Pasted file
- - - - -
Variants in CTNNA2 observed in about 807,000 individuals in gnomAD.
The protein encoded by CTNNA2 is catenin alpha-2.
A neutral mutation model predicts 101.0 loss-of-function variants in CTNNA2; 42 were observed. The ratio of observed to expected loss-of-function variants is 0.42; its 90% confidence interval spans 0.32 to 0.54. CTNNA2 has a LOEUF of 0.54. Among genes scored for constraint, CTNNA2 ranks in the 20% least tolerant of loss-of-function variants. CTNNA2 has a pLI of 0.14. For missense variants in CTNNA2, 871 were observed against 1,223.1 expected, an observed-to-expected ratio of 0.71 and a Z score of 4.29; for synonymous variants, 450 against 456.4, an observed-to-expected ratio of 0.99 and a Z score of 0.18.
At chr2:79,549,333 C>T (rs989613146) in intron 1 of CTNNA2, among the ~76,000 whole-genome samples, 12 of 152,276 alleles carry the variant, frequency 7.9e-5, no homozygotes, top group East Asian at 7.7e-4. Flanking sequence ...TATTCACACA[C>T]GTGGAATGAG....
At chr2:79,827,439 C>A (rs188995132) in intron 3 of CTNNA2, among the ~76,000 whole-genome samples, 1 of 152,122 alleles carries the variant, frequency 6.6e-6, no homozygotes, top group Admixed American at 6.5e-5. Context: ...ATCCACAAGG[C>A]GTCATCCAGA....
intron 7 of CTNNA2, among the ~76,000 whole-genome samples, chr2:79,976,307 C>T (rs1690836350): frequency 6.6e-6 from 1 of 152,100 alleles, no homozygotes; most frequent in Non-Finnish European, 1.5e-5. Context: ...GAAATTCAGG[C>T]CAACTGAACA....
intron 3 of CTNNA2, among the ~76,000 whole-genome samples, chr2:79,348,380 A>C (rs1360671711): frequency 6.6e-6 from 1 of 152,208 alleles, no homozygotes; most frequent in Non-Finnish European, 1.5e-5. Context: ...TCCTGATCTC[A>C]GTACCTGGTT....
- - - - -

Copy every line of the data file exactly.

Variants in CTNNA2 observed in about 807,000 individuals in gnomAD.
The protein encoded by CTNNA2 is catenin alpha-2.
A neutral mutation model predicts 101.0 loss-of-function variants in CTNNA2; 42 were observed. The ratio of observed to expected loss-of-function variants is 0.42; its 90% confidence interval spans 0.32 to 0.54. CTNNA2 has a LOEUF of 0.54. Among genes scored for constraint, CTNNA2 ranks in the 20% least tolerant of loss-of-function variants. CTNNA2 has a pLI of 0.14. For missense variants in CTNNA2, 871 were observed against 1,223.1 expected, an observed-to-expected ratio of 0.71 and a Z score of 4.29; for synonymous variants, 450 against 456.4, an observed-to-expected ratio of 0.99 and a Z score of 0.18.
At chr2:79,549,333 C>T (rs989613146) in intron 1 of CTNNA2, among the ~76,000 whole-genome samples, 12 of 152,276 alleles carry the variant, frequency 7.9e-5, no homozygotes, top group East Asian at 7.7e-4. Flanking sequence ...TATTCACACA[C>T]GTGGAATGAG....
At chr2:79,827,439 C>A (rs188995132) in intron 3 of CTNNA2, among the ~76,000 whole-genome samples, 1 of 152,122 alleles carries the variant, frequency 6.6e-6, no homozygotes, top group Admixed American at 6.5e-5. Context: ...ATCCACAAGG[C>A]GTCATCCAGA....
intron 7 of CTNNA2, among the ~76,000 whole-genome samples, chr2:79,976,307 C>T (rs1690836350): frequency 6.6e-6 from 1 of 152,100 alleles, no homozygotes; most frequent in Non-Finnish European, 1.5e-5. Context: ...GAAATTCAGG[C>T]CAACTGAACA....
intron 3 of CTNNA2, among the ~76,000 whole-genome samples, chr2:79,348,380 A>C (rs1360671711): frequency 6.6e-6 from 1 of 152,208 alleles, no homozygotes; most frequent in Non-Finnish European, 1.5e-5. Context: ...TCCTGATCTC[A>C]GTACCTGGTT....